The pandemic slowed students’ progress in math, more so than in reading and especially in the younger grades.

As schools scramble to hatch recovery plans, experts say parents can also help children strengthen their math foundations — without worksheets, flash cards, or blind Google searches.

Instead, the tools can be found in everyday life: On a walk through the neighborhood, while unloading groceries, or playing games like Candy Land or Monopoly.

Angela McIver, founder of the after-school enrichment program Trapezium Math Club, and a former Philadelphia school board member, said parents are often far more willing to read a book to their children than try anything math-related because “it brings up really difficult reminders of their own math education.”

But parents can have a big impact on kids’ math competence with activities that are simple and joyful, she said. For example, while parents are cooking dinner, they might ask kids to gather and count all the spoons in the kitchen and then separate them by size or some other attribute.

The Kitchen

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Cook with kids
Put away groceries
Count dishes

While walking in the city when her kids were little, she would ask them to estimate the number of steps it would take to get to a point in the distance and then each would take the number of steps they’d guessed. The one who ended up closest to the landmark, won the challenge. She’d also number index cards from one to 100, and scatter them on the living room floor for her children to put in order. While her kids raced to finish the task, she had time to read Oprah magazine.

McIver, who’s studied older students who struggle in math, said if children don’t develop fluency and automaticity with numbers in the early grades, they devote so much mental energy to basic operations in middle school and become frustrated and miss out on the bigger concepts.

Doug Clements, co-executive director of the Marsico Institute of Early Learning at the University of Denver, said some people think performing well in math hinges on natural aptitude, but that’s not true.

The more important question, he said, is “How much opportunity have you had to learn about it?”

Clements said one simple thing parents can do is use number words in routine conversations with their young children: “Those three kids are sure having fun” or “Can you pick up those four puzzle pieces?”

He said children also learn a lot about shapes, patterns, and spatial relationships by building with blocks or Legos, activities that also help lay the groundwork for multiplication later on.

The Living Room

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Play board games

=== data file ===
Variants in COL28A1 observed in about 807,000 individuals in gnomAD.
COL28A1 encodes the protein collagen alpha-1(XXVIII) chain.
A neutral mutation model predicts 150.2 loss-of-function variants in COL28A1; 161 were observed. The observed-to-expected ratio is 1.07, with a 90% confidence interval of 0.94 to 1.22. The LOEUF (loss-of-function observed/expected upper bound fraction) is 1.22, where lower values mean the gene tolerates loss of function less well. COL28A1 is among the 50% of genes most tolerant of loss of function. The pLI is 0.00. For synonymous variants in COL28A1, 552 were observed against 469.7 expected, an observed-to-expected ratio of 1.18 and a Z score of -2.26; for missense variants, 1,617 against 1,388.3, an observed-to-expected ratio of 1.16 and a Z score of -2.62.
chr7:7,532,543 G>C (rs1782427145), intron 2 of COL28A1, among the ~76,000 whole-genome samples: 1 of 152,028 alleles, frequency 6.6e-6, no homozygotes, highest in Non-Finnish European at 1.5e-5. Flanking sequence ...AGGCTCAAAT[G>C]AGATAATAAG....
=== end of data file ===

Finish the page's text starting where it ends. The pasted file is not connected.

I Spy

Clements, who with his wife Julie Sarama created an early math curriculum, said parents can find abundant ideas for math games and activities on the internet, but shouldn’t settle for the first website that comes up in a search. A lot of online options are cute, he said, but explain concepts poorly or omit higher-order math thinking.

Such flaws, which also turn up on sites like Teachers Pay Teachers, might lead, for example, to a child who can count, but doesn’t realize that counting will reveal the total number of items in a group. Or, maybe a child will recognize a triangle when all three sides are of equal length and the base is on the bottom, but not when the sides are different lengths and the pointy end is facing down.

“I would love people to be refined consumers,” Clements said.

Donna Johnson, assistant director of school supports at the Early Math Collaborative at the Chicago-based Erikson Institute, said even before the pandemic, there was a growing emphasis on “family math” — a movement promoting math activities within families in daily life.

“COVID just raised a flag on how important families are,” she said. “Learning doesn’t just happen in school between 8 and 3.”

Johnson said she knows many parents fear that their children are behind in math, and that can lead to rote, procedural practice of math facts. She wants them to relax. Helping young kids can be as easy as talking about whose pile of books is heavier, whose cup holds more beverage, or how a circular object feels in your hand.

“Math is about problem-solving. It’s a logical way of thinking,” she said. “It goes just beyond the skills of counting, adding, subtracting, multiplying, dividing.”

The Bedroom

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Sort laundry

She said getting children to help with chores often brings math concepts to life in a concrete way. For example, when children are charged with putting away canned goods after a shopping trip they’ll learn the cans will roll off the shelf if they’re stored on their side, that little cans are easier to stack on big cans, and that fitting everything into a small space might take a certain configuration.

“It’s a puzzle for them,” Johnson said. “It does take more time, but it gives them experiences that are invaluable moving forward.”